The political economy of rice value chain in Ethiopia: actors, performance, and discourses

Written by Dawit Alemu and Abebaw Assaye

This blog summarises APRA Working Paper 51, which shows the importance of rice in Ethiopia since its introduction the 1970s covering trends in terms of actors engaged, domestic consumption and policy attention. The authors identify the key challenges that have contributed to the poor performance of Ethiopia’s rice sector, along with suggestions on how to promote its commercialisation. They also look at how COVID-19 has affected the sector.

Motives of rice sector development

The motive of rice introduction to Ethiopia and its promotion was the government’s initiative to ensure food security and the settlement programmes during the Derg regime, which has evolved in recent years into the agenda of ensuring self-sufficiency linked with ever-increasing rice imports, which is adding a burden on the already meagre foreign currency reserves.

Key actors of the rice value chain

  1. The Ethiopia’s research system: with the support of the International Rice Research Institute (IRRI) and AfricaRice, as well as technical and financial support from development partners, mainly the Japan International Cooperation Agency (JICA), the national research system has managed to release 37 improved varieties of rice seed, along with recommended production practices. However, the availability of other rice related technologies is very limited.
  2. Rice producers: rice production is dominated by smallholder farmers and the use of quality seed of the released varieties is very low due to limited participation of actors engaged in certified seed production. On gender, smallholder female farmers have, on average, less in terms of household labour and land allocated for rice production. The average rice productivity levels achieved by female-headed households is also, on average, smaller than male-headed households.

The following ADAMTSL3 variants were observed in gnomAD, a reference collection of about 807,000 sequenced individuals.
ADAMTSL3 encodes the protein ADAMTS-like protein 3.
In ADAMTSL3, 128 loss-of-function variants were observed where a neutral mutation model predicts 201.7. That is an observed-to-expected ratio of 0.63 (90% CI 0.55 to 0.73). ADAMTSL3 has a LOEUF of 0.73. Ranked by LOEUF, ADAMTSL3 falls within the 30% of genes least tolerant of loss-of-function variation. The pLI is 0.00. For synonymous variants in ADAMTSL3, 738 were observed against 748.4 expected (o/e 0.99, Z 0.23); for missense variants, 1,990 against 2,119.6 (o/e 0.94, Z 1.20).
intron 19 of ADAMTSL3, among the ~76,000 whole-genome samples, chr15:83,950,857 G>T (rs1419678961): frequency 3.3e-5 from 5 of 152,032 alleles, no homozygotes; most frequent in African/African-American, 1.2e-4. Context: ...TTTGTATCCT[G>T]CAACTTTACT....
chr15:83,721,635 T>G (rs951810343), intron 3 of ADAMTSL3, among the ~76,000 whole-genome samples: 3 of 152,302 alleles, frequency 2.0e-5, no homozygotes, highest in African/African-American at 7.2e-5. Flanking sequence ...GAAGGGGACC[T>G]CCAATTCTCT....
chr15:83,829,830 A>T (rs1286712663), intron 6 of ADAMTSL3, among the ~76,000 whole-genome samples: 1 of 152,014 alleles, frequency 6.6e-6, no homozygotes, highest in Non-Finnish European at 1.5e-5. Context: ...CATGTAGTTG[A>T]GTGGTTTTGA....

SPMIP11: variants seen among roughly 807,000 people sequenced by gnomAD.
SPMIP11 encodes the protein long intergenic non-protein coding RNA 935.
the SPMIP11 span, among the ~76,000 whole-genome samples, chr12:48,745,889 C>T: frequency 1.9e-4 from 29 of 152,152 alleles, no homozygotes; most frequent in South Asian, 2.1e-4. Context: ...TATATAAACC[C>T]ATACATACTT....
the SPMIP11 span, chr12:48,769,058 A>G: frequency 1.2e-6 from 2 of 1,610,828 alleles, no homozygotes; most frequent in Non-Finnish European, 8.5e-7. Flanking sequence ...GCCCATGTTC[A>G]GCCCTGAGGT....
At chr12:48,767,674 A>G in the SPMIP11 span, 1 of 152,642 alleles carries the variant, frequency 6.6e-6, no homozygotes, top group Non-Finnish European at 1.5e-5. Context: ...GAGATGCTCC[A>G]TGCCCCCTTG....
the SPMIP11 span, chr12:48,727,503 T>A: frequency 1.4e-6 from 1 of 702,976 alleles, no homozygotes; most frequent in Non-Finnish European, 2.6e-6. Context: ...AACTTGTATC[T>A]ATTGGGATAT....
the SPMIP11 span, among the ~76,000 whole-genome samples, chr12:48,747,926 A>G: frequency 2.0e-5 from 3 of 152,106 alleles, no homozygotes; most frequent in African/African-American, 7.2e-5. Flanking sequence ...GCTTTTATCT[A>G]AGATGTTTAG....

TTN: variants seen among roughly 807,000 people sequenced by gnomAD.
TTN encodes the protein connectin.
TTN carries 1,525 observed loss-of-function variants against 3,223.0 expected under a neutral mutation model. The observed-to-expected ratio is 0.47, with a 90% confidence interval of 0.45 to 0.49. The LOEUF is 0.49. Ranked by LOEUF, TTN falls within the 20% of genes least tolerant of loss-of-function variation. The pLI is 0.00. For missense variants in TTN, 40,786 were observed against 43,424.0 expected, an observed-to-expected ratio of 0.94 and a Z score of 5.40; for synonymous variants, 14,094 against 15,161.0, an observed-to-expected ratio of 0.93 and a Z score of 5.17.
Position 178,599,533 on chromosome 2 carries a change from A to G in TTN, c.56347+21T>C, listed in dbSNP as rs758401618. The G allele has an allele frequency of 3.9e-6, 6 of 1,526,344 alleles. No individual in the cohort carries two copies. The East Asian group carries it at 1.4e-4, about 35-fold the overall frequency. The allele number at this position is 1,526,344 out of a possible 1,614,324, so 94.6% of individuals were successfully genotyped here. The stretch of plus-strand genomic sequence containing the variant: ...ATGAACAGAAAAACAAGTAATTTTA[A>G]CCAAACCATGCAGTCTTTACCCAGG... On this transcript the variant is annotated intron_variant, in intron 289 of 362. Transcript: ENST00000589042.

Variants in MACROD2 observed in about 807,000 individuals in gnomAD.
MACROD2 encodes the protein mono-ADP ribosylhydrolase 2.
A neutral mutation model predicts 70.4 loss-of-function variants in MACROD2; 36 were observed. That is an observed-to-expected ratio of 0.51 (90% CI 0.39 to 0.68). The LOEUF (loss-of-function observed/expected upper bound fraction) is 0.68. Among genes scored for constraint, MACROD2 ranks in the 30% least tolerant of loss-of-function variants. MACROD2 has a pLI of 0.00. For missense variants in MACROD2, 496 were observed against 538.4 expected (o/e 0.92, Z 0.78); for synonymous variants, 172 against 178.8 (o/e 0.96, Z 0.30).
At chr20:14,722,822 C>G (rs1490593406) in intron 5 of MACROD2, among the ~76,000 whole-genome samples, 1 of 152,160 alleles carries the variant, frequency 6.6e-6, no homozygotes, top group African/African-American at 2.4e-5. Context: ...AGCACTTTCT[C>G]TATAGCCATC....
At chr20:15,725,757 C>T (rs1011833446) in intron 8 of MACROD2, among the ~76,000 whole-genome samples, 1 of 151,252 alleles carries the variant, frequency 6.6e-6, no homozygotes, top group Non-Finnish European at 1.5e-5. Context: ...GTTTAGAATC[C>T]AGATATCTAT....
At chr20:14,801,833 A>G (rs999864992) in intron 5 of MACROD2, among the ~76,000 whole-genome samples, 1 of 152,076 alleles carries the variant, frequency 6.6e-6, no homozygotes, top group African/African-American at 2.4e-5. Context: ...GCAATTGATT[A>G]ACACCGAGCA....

3. Rice processors: who work closely with rural collectors and farmer traders, processors play a crucial role in marketing both paddy and milled rice, in addition to the processing services and job creation they provide. The major challenges facing processors are the poor quality and inadequacy of paddy supply, the instability of electricity supply, and the lack of price incentives for quality rice products.
  4. Labourers: The commercialisation of rice has contributed to the emergence of rural labour and land markets. 52 per cent of smallholder rice farmers use hired labour to meet their demand. The same is true for rice processors as, on average, a processor hires six casual labourers.

COVID-19 and its impact on rice value chain

The impact of COVID-19 has been associated with the responses of the different value chain actors to the measures put in place by the Ethiopian government, and governments of other countries from which Ethiopia imports rice, mainly India and Pakistan and, to some extent, Vietnam. Accordingly, our assessment indicates that (i) farmers’ rice production processes were not affected – rather, they have seen higher prices; (ii) rice processors have limited their processing service provision. Instead, processors have been purchasing paddy and storing it in private storehouses as paddy rice, waiting for higher prices; and (iii) consumers are negatively affected due to higher domestic prices.

Discourses around rice value chain development

Recognising the strategic importance of rice and increasing challenges due to the COVID-19 pandemic, the Ministry of Agriculture (MoA) has designed intervention options to boost domestic production and productivity. These include the expansion of rice production in the lowlands of the country, where there is huge potential for irrigated agriculture. In this regard, the key areas currently debated are (i) how to enhance the role of smallholder rice farmers and commercial farms without destructive competition; (ii) how to modernise the rice processing industry to ensure competitiveness with imported rice; (iii) how to boost the contribution of the rice industry in the creation of job opportunities and women’s empowerment; (iv) how to generate reliable national rice statistics for improved strategic decision making, mainly in relation to rice production, the area cultivated for rice, and the productivity achieved; and (v) how to ensure rice import substitutions.


We conclude that the poor performance of the rice value chain along with the emerging/dynamic challenges facing the sector need specific attention from policymakers and development partners. Initiatives need to boost domestic production and productivity in a manner that capitalises not only on the existing agricultural potential, but also on taking advantage of the labour that is already available.

Feature photo credit: Carsten ten Brink on Flickr.

Please note: During this time of uncertainty caused by the COVID19 pandemic, as for many at this time, some of our APRA work may well be affected but we aim to continue to post regular blogs and news updates on agricultural policy and research.